Shaftal is a region which has been invaded by Sainnites, who themselves were driven from their land. The harsh rule of these inva
Horrible, boring, slog.

Let me just put it this way. Here's the message the book conveys: "Men are bad. Men are violent unthinking brutes. The only good man is, gay, weak, and/or ineffectual, preferably all 3.

I love strong female characters, but the author needs to realize that strong female characters doesn't mean that the male characters need to be repulsive.

This is one of the worst examples of boring messagefic I've ever had the misfortune to pick up. Thank God I got it at the library.
This was an interesting read. When I started it, I really disliked the writing style - it has kind of a remote, cold feel to it, as if our narrator isn't really immersed in the worlds of our characters. I was moments away from giving up on it, when suddenly the main character turned out to be lesbian. My curiosity was peaked, (I'm sure that's the reason it was on my reading list to begin with, but it had been added so long ago that I didn't remember anything about the description of this book or ...more
Fire Logic by Laurie J Marks is like Avatar the Last Airbender for grownups in a world where bisexuality is the default (Except minus the jokes, alas)

Which is to say: a mutiple POV, morally complex story about a rag tag group of people with different elemental magics trying to survive and fix a fantasy world torn apart by war. The main character is dark skinned and into girls and there is genuine equality for women and lgb people (no trans, non-binary or intersex people afaict, but they may show
This book was very disappointing to me and I stayed up late last night just to finish it and be DONE. It was one of those novels that I liked enough to want to know what happens to the characters but not enough to want to spend any more time with it. There are some elements I like: the clash of cultures, the complicated characters, the introspection of various characters and the unusual social structures presented.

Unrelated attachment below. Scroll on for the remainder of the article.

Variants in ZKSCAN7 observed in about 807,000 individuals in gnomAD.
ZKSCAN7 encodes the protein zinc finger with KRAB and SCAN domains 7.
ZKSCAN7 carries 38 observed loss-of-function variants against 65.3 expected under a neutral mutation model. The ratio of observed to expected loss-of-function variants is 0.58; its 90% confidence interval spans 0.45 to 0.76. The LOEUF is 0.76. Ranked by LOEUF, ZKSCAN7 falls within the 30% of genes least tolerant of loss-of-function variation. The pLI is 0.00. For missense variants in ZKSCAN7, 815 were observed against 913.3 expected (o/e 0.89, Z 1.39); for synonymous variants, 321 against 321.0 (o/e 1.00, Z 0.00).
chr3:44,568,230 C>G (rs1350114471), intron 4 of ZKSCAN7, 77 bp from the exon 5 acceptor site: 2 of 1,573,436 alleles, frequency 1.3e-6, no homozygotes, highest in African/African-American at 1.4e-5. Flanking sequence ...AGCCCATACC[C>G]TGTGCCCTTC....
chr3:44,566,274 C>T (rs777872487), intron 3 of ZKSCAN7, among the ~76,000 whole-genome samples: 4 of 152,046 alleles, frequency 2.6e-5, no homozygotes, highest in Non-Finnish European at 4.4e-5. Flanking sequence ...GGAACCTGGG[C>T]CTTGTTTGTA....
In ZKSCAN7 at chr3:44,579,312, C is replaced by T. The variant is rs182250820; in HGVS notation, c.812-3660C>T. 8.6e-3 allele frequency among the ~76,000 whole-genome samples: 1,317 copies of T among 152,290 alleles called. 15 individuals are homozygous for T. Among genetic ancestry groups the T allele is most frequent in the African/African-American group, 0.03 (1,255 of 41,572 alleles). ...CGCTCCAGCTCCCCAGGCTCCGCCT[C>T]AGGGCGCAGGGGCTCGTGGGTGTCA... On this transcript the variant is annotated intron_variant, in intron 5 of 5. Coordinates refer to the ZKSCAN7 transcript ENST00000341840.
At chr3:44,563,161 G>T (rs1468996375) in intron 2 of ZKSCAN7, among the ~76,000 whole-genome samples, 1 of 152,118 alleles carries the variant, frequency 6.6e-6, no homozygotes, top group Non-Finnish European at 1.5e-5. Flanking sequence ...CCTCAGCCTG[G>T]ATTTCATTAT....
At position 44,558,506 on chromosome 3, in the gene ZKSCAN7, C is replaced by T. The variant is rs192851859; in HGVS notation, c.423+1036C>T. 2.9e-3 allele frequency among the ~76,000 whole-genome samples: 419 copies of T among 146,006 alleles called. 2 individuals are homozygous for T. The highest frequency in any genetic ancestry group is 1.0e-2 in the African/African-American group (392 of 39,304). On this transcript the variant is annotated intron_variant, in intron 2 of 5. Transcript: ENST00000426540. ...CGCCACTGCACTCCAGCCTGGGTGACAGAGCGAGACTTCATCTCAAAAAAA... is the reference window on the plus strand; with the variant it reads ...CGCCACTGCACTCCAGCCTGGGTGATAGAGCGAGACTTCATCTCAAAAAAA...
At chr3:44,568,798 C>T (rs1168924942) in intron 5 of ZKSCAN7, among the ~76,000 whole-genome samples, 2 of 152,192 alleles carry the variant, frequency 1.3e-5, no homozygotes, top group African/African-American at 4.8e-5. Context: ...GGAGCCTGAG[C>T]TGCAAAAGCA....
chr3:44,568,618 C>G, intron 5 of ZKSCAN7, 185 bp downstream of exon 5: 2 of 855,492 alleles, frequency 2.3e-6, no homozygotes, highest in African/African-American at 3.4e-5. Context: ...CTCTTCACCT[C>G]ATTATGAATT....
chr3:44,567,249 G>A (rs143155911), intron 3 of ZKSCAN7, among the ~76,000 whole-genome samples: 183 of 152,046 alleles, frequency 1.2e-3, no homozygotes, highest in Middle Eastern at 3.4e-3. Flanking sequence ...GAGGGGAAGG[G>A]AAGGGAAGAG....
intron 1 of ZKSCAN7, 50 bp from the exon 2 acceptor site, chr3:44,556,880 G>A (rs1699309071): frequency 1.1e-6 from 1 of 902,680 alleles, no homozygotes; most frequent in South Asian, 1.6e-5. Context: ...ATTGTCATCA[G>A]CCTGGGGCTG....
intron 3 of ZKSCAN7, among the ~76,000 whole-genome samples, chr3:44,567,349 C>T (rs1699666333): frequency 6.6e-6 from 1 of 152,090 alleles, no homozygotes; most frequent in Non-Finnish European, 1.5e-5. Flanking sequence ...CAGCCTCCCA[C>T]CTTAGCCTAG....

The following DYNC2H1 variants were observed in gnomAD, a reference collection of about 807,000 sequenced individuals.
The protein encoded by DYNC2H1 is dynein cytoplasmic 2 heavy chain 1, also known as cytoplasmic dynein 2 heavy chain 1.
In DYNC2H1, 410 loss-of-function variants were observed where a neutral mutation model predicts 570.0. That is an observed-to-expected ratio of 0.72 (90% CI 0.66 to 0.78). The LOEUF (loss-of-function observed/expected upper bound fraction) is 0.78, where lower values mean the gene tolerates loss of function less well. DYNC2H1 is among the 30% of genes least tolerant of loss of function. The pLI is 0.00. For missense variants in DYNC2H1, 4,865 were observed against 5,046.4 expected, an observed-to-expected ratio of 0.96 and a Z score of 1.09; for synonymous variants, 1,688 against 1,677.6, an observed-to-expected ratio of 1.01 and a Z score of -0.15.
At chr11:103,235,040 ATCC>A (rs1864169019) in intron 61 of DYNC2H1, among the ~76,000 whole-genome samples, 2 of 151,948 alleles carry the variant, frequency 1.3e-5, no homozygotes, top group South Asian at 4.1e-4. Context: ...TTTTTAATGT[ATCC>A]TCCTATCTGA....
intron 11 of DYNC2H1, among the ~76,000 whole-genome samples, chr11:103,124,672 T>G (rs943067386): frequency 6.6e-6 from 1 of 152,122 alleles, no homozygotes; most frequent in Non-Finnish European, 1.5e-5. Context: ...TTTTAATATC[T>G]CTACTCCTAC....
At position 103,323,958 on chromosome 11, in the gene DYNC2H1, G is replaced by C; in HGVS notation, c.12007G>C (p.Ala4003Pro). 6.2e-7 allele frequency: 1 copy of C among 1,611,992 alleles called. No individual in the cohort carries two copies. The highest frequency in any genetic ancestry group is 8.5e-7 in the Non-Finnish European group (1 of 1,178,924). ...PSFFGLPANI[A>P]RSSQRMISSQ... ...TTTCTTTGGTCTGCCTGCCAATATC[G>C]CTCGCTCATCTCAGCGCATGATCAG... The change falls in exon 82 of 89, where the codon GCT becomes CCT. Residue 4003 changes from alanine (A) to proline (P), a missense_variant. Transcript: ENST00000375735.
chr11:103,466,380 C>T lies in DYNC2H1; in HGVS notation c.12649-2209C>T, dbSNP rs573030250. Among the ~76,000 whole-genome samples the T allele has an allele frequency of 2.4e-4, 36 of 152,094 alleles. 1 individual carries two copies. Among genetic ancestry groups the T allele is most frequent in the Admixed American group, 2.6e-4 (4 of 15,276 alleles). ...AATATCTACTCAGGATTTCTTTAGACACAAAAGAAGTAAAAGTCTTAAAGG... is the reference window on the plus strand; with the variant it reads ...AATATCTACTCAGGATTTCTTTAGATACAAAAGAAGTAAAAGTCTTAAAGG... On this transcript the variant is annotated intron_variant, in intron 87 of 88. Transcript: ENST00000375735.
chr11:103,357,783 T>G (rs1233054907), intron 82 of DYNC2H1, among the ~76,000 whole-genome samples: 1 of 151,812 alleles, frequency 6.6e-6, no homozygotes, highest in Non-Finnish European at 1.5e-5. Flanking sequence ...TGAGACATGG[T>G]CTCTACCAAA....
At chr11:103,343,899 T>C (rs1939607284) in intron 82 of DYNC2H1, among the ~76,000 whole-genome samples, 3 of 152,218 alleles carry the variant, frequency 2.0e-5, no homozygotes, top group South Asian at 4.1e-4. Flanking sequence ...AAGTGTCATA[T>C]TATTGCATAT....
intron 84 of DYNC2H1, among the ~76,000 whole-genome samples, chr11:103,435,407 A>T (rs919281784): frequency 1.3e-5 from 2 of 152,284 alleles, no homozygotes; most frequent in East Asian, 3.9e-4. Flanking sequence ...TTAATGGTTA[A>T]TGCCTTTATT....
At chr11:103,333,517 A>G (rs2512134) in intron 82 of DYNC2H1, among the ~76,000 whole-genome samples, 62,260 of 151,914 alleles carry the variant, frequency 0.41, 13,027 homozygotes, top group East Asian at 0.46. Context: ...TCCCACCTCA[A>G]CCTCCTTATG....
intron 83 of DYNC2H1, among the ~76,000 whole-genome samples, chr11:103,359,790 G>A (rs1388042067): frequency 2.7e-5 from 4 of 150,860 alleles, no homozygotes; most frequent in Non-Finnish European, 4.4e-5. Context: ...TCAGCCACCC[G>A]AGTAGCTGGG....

Things that drove me nuts:
The extensive telling of every sensation, expression,
3.5, I think. My attention wavered during this from time to time, and I don't think the author quite got the emotions of the characters across how she meant to (the main characters all felt the same to me -- quite cold and practical -- even though they were described as being different, I just didn't get it from their POVs). Yet I really like the world and how it was built: almost no reader hand-holding, very cleverly disguised exposition, no idiot audience stand-in character from furrin' parts ...more
Nick Fagerlund

This whole series was stellar, and all of you should read them. I am eagerly awaiting the final volume.

I was going to try to say some smart things about these, but got tied up trying to track down which other people said which smart things about them first. So I'll just point to this review and that review and say they probably covered most of the interesting ground w/r/t thematic content and how thoroughly the series isn't the subgenre it appears to be.

There are so many things I loved about t

An interesting background, but as a first novel in a four-part series, it spends too much time stalled in character introduction and development.